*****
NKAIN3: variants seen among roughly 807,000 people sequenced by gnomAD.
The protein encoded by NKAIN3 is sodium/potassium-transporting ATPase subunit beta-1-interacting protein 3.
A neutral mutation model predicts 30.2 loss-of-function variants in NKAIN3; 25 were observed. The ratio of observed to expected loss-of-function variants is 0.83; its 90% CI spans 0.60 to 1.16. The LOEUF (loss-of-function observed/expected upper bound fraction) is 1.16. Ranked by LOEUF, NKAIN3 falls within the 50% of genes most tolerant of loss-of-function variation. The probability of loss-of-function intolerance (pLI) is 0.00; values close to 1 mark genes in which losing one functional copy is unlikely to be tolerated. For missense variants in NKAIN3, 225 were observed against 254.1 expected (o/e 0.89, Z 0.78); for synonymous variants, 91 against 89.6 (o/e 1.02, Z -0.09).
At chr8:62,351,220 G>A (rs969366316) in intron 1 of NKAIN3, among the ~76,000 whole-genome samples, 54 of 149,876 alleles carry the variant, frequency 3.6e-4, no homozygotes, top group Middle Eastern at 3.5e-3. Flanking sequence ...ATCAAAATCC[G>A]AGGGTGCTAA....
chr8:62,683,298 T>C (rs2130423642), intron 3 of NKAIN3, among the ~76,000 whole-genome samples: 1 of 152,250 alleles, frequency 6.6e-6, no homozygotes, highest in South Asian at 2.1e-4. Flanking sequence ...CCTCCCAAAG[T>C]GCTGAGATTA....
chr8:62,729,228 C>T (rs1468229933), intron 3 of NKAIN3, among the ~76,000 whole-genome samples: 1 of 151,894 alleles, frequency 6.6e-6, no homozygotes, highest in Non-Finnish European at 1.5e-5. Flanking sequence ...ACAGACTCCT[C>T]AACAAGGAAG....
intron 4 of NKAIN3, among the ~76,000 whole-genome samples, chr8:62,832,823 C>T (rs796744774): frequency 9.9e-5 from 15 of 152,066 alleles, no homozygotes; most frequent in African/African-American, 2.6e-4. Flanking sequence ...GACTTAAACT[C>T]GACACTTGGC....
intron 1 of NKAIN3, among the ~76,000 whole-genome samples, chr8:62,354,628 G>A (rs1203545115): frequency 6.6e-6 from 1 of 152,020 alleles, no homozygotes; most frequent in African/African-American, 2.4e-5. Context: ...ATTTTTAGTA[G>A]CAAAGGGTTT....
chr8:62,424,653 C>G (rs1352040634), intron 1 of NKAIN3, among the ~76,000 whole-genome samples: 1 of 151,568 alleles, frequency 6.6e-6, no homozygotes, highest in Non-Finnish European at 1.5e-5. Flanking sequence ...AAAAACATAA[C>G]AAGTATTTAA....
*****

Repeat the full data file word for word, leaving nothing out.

NKAIN3: variants seen among roughly 807,000 people sequenced by gnomAD.
The protein encoded by NKAIN3 is sodium/potassium-transporting ATPase subunit beta-1-interacting protein 3.
A neutral mutation model predicts 30.2 loss-of-function variants in NKAIN3; 25 were observed. The ratio of observed to expected loss-of-function variants is 0.83; its 90% CI spans 0.60 to 1.16. The LOEUF (loss-of-function observed/expected upper bound fraction) is 1.16. Ranked by LOEUF, NKAIN3 falls within the 50% of genes most tolerant of loss-of-function variation. The probability of loss-of-function intolerance (pLI) is 0.00; values close to 1 mark genes in which losing one functional copy is unlikely to be tolerated. For missense variants in NKAIN3, 225 were observed against 254.1 expected (o/e 0.89, Z 0.78); for synonymous variants, 91 against 89.6 (o/e 1.02, Z -0.09).
At chr8:62,351,220 G>A (rs969366316) in intron 1 of NKAIN3, among the ~76,000 whole-genome samples, 54 of 149,876 alleles carry the variant, frequency 3.6e-4, no homozygotes, top group Middle Eastern at 3.5e-3. Flanking sequence ...ATCAAAATCC[G>A]AGGGTGCTAA....
chr8:62,683,298 T>C (rs2130423642), intron 3 of NKAIN3, among the ~76,000 whole-genome samples: 1 of 152,250 alleles, frequency 6.6e-6, no homozygotes, highest in South Asian at 2.1e-4. Flanking sequence ...CCTCCCAAAG[T>C]GCTGAGATTA....
chr8:62,729,228 C>T (rs1468229933), intron 3 of NKAIN3, among the ~76,000 whole-genome samples: 1 of 151,894 alleles, frequency 6.6e-6, no homozygotes, highest in Non-Finnish European at 1.5e-5. Flanking sequence ...ACAGACTCCT[C>T]AACAAGGAAG....
intron 4 of NKAIN3, among the ~76,000 whole-genome samples, chr8:62,832,823 C>T (rs796744774): frequency 9.9e-5 from 15 of 152,066 alleles, no homozygotes; most frequent in African/African-American, 2.6e-4. Flanking sequence ...GACTTAAACT[C>T]GACACTTGGC....
intron 1 of NKAIN3, among the ~76,000 whole-genome samples, chr8:62,354,628 G>A (rs1203545115): frequency 6.6e-6 from 1 of 152,020 alleles, no homozygotes; most frequent in African/African-American, 2.4e-5. Context: ...ATTTTTAGTA[G>A]CAAAGGGTTT....
chr8:62,424,653 C>G (rs1352040634), intron 1 of NKAIN3, among the ~76,000 whole-genome samples: 1 of 151,568 alleles, frequency 6.6e-6, no homozygotes, highest in Non-Finnish European at 1.5e-5. Flanking sequence ...AAAAACATAA[C>G]AAGTATTTAA....